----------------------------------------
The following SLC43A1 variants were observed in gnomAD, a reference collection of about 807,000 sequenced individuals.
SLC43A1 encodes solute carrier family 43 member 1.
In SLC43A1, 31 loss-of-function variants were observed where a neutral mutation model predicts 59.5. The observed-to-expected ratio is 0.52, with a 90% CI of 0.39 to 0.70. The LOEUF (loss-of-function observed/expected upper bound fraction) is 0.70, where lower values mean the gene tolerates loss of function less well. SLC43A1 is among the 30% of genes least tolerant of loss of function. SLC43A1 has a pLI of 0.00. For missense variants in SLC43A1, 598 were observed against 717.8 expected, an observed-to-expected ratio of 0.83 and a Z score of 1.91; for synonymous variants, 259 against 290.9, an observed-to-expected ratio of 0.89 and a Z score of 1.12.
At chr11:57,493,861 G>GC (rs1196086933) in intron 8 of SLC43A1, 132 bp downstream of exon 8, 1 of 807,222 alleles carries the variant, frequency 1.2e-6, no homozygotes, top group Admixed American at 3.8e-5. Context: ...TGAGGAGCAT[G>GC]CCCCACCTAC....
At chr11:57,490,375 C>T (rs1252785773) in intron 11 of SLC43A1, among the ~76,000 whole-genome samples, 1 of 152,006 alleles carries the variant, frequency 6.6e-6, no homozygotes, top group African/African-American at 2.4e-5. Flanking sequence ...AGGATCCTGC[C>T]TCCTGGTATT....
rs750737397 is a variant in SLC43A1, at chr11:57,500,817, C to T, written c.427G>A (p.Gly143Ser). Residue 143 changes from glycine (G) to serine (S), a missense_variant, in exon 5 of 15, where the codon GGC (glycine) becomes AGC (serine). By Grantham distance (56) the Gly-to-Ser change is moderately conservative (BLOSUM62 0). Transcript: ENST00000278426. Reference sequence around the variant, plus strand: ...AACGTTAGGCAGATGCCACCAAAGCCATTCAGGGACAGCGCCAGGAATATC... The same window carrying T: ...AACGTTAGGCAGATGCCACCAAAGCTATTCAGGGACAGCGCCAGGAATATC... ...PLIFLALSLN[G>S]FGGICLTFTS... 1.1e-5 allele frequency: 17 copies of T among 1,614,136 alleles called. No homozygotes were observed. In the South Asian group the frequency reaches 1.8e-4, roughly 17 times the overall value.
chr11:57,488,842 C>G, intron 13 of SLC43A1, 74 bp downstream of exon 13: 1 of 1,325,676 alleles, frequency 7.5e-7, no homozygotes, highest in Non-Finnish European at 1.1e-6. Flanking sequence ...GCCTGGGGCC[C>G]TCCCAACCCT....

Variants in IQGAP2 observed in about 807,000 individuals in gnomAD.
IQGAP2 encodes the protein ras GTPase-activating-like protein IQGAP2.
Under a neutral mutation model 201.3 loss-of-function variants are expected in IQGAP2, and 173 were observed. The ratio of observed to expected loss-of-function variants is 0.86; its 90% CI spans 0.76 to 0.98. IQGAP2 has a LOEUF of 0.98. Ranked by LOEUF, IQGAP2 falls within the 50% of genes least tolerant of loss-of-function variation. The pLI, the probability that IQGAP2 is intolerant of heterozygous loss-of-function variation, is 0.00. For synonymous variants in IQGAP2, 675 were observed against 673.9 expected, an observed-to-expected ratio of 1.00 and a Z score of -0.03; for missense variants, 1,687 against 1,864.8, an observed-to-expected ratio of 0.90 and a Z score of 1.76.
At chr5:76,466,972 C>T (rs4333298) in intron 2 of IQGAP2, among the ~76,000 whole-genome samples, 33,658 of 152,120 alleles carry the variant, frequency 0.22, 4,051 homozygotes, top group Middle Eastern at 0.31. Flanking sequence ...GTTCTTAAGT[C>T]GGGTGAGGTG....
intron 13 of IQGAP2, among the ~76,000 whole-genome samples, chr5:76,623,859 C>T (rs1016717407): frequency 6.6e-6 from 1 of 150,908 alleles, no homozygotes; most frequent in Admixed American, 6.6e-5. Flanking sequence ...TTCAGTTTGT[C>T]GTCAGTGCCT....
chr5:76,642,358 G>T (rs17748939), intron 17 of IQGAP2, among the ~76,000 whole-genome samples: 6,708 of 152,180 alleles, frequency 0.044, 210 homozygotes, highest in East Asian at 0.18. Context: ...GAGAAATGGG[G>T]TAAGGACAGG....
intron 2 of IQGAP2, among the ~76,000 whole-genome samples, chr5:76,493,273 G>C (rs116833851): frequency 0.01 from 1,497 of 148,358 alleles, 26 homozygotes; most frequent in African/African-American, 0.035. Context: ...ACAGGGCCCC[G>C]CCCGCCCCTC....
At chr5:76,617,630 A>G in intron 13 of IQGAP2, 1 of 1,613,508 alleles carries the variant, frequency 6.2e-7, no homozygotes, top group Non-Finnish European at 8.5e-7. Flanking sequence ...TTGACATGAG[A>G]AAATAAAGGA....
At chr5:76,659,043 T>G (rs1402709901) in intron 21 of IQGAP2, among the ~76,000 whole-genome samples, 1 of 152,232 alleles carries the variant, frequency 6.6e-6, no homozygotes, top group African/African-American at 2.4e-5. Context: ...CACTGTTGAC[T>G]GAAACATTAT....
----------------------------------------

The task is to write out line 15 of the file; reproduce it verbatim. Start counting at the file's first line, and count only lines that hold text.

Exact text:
At chr5:76,617,630 A>G in intron 13 of IQGAP2, 1 of 1,613,508 alleles carries the variant, frequency 6.2e-7, no homozygotes, top group Non-Finnish European at 8.5e-7. Flanking sequence ...TTGACATGAG[A>G]AAATAAAGGA....